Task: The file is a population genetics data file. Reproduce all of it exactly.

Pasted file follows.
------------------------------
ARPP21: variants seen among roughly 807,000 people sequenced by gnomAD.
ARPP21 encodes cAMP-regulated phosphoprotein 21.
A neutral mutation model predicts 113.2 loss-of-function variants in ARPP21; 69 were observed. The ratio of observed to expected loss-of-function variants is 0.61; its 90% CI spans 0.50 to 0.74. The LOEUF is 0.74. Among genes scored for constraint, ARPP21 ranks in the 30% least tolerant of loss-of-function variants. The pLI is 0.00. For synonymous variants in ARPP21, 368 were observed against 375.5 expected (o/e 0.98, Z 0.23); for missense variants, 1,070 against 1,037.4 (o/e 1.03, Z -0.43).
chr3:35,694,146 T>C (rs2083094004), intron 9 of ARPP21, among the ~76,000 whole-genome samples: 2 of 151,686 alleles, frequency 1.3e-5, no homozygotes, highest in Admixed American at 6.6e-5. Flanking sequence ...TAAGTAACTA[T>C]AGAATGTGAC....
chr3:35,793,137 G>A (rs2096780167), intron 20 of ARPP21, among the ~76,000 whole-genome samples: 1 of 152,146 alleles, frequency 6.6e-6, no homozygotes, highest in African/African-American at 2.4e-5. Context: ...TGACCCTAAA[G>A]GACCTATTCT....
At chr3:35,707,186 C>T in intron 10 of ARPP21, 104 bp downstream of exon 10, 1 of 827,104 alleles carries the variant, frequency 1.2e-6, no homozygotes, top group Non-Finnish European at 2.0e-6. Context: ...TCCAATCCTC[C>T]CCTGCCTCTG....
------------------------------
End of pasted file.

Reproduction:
ARPP21: variants seen among roughly 807,000 people sequenced by gnomAD.
ARPP21 encodes cAMP-regulated phosphoprotein 21.
A neutral mutation model predicts 113.2 loss-of-function variants in ARPP21; 69 were observed. The ratio of observed to expected loss-of-function variants is 0.61; its 90% CI spans 0.50 to 0.74. The LOEUF is 0.74. Among genes scored for constraint, ARPP21 ranks in the 30% least tolerant of loss-of-function variants. The pLI is 0.00. For synonymous variants in ARPP21, 368 were observed against 375.5 expected (o/e 0.98, Z 0.23); for missense variants, 1,070 against 1,037.4 (o/e 1.03, Z -0.43).
chr3:35,694,146 T>C (rs2083094004), intron 9 of ARPP21, among the ~76,000 whole-genome samples: 2 of 151,686 alleles, frequency 1.3e-5, no homozygotes, highest in Admixed American at 6.6e-5. Flanking sequence ...TAAGTAACTA[T>C]AGAATGTGAC....
chr3:35,793,137 G>A (rs2096780167), intron 20 of ARPP21, among the ~76,000 whole-genome samples: 1 of 152,146 alleles, frequency 6.6e-6, no homozygotes, highest in African/African-American at 2.4e-5. Context: ...TGACCCTAAA[G>A]GACCTATTCT....
At chr3:35,707,186 C>T in intron 10 of ARPP21, 104 bp downstream of exon 10, 1 of 827,104 alleles carries the variant, frequency 1.2e-6, no homozygotes, top group Non-Finnish European at 2.0e-6. Context: ...TCCAATCCTC[C>T]CCTGCCTCTG....